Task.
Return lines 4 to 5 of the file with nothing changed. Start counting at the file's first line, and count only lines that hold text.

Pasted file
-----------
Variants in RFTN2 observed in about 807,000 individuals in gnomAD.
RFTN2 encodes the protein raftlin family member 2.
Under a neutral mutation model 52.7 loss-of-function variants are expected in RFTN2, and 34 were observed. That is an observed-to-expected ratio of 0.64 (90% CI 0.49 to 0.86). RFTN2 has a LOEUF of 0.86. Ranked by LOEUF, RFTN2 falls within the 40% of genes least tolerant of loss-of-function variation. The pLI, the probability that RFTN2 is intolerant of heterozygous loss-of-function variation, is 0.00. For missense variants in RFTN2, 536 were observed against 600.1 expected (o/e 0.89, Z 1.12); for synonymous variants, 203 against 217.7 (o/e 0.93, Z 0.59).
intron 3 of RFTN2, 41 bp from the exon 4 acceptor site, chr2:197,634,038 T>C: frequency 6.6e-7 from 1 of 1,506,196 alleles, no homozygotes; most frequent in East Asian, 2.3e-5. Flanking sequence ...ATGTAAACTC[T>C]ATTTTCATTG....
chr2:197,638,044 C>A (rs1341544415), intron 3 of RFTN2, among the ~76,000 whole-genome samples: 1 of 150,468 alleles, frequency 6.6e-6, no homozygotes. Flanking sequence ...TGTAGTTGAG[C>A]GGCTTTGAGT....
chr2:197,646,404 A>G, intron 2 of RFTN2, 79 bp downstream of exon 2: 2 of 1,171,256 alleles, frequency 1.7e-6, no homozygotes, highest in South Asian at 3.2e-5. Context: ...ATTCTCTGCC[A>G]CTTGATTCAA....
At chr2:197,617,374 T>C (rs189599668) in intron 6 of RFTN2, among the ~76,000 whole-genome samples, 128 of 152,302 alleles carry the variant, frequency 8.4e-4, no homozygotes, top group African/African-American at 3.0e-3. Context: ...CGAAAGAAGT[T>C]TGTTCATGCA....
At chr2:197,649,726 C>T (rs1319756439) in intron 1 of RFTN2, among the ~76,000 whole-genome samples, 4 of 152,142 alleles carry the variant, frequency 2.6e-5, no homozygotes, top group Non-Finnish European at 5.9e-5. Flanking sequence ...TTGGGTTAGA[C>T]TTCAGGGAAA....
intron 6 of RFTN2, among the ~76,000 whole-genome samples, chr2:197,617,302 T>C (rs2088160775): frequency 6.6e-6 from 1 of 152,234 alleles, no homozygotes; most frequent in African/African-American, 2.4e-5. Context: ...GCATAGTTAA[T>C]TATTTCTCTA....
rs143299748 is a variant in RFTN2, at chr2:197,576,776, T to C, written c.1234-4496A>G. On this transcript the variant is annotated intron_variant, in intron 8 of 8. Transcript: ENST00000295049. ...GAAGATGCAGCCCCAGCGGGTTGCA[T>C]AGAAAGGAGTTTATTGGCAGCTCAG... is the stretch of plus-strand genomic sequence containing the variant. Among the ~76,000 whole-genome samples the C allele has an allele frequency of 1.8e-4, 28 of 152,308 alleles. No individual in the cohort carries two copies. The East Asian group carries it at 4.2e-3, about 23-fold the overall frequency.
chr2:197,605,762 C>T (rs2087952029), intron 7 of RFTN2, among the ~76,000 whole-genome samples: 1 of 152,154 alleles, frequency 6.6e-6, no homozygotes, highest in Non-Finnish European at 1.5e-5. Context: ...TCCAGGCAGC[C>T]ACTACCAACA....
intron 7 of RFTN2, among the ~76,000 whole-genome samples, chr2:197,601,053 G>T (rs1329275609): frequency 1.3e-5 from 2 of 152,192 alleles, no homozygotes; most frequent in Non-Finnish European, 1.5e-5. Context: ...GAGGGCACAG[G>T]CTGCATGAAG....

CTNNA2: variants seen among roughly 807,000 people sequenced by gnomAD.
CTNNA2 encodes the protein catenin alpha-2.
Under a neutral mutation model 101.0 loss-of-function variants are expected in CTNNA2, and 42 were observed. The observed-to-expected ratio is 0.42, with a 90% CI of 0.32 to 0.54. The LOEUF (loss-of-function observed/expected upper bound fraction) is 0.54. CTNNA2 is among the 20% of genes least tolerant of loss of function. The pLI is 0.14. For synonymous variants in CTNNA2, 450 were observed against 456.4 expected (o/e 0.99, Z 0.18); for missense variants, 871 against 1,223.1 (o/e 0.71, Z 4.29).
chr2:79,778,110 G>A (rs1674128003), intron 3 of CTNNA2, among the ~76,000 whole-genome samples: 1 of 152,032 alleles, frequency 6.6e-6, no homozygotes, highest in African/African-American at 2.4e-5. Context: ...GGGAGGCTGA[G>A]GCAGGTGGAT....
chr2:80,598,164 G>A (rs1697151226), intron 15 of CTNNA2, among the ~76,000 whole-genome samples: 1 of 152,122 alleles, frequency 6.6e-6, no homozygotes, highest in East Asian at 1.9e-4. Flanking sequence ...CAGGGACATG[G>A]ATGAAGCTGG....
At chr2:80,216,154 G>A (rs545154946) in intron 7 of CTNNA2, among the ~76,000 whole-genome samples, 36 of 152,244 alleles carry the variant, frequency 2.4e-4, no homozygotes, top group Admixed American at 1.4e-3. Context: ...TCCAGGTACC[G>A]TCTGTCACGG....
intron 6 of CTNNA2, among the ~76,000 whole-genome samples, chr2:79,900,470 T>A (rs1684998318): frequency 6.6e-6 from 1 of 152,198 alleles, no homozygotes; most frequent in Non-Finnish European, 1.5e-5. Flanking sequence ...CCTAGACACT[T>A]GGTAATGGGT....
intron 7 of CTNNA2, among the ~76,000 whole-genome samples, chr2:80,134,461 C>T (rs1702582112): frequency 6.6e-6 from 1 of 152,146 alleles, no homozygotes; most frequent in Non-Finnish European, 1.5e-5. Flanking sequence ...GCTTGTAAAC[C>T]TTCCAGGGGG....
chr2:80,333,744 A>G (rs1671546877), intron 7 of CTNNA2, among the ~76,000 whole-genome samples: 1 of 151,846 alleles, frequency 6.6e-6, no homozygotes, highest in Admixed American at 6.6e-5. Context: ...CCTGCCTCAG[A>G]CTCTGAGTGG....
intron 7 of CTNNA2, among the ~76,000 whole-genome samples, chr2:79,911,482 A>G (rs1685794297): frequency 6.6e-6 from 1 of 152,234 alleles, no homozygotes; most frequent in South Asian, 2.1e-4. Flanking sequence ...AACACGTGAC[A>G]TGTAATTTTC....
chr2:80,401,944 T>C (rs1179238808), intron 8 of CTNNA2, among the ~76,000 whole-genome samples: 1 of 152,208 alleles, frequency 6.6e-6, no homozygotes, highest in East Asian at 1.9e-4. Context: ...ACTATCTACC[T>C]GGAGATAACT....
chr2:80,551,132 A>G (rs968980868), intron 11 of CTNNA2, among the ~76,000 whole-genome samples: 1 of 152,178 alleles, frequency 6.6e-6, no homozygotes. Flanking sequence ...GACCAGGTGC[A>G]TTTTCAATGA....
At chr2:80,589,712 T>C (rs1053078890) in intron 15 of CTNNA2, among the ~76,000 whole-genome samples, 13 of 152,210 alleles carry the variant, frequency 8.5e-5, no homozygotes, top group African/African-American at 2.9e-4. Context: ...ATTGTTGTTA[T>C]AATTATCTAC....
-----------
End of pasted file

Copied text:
intron 3 of RFTN2, 41 bp from the exon 4 acceptor site, chr2:197,634,038 T>C: frequency 6.6e-7 from 1 of 1,506,196 alleles, no homozygotes; most frequent in East Asian, 2.3e-5. Flanking sequence ...ATGTAAACTC[T>C]ATTTTCATTG....
chr2:197,638,044 C>A (rs1341544415), intron 3 of RFTN2, among the ~76,000 whole-genome samples: 1 of 150,468 alleles, frequency 6.6e-6, no homozygotes. Flanking sequence ...TGTAGTTGAG[C>A]GGCTTTGAGT....